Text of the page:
Supplementary Material for: Risk Factors of In-Hospital Mortality in Patients Treated for Pneumonia at a Tertiary Care Centre in Switzerland
datasetposted on 07.07.2020 by Elsener C., Beeler P.E., Battegay E., Bello B., Thienemann F.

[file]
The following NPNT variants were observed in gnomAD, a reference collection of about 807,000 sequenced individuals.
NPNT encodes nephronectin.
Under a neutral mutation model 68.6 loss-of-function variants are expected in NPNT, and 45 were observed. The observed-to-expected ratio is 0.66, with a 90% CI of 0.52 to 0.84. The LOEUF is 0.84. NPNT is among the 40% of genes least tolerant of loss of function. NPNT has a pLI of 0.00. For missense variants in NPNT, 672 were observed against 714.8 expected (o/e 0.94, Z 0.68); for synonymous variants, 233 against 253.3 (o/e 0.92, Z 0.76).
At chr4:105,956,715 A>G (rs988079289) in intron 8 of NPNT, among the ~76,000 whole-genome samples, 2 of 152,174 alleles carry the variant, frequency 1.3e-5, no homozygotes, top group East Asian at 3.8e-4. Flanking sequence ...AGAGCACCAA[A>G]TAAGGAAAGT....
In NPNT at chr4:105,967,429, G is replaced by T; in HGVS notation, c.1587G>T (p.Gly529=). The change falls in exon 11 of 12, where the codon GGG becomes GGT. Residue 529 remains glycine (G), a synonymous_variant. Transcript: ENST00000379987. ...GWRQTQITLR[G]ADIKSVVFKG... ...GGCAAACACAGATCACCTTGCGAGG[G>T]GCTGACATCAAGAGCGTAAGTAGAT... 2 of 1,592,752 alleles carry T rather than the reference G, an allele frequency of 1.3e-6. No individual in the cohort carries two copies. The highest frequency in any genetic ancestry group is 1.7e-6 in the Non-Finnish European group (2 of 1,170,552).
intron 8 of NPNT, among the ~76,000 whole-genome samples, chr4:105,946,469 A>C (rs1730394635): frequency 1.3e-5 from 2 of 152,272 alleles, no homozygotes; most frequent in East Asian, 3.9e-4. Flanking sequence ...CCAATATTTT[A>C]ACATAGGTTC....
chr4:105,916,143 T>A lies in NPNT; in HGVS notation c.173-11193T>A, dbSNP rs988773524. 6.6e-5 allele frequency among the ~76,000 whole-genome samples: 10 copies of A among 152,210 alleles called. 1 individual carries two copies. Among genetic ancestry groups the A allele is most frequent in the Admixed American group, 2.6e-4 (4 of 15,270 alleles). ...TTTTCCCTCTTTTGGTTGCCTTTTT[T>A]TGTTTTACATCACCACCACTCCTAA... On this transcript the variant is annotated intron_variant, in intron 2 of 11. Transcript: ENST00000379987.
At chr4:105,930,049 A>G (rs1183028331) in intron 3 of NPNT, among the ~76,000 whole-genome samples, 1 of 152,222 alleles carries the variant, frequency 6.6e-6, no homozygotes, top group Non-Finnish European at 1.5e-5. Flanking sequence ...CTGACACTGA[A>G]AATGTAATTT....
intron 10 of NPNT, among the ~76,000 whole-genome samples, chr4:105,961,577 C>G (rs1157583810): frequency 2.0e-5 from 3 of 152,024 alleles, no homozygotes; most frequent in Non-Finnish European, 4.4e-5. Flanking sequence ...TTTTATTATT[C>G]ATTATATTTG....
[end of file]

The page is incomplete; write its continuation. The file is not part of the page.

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Background: Little is known about risk factors upon hospital admission that are associated with in-hospital death of patients hospitalized for bacterial pneumonia. Identifying such factors may help to optimize the treatment and lower the mortality of these patients. Objectives: The aim of the study was to characterize baseline characteristics of patients hospitalized for bacterial pneumonia in Switzerland and to identify risk factors associated with all-cause in-hospital mortality. Methods: Routinely collected electronic health record data of patients discharged from a large Swiss tertiary care hospital between August 2009 and 2017 were analysed. Potential risk factors such as patient demographics, physical examination findings, vital signs, laboratory results, and comorbidities were considered within ±24 h of admission. Univariable and multivariable logistic regression models identified risk factors for in-hospital death. The area under the receiver operating characteristic (ROC) curve was used to compare the identified factors to existing pneumonia scoring systems. Results: Out of 1,781 hospital stays with initial and main diagnosis of bacterial pneumonia, 85 patients (4.85%) died (33.9% female, median age 62.3 years [interquartile range, 52–75]). Age, low systolic blood pressure, underweight, a missing value for body mass index, decreased haemoglobin level, raised C-reactive protein, high urea, high lactate dehydrogenase, concomitant pleural effusion, and cancer were independently associated with in-hospital death. The area under the ROC curve was 0.89 for the multivariable model containing the identified predictors. Conclusions: Our data are consistent with previous trials characterizing patients hospitalized for pneumonia. Additionally, we identified new and independent risk factors associated with in-hospital death among patients treated for bacterial pneumonia. Findings need to be further validated in larger multicentre cohorts.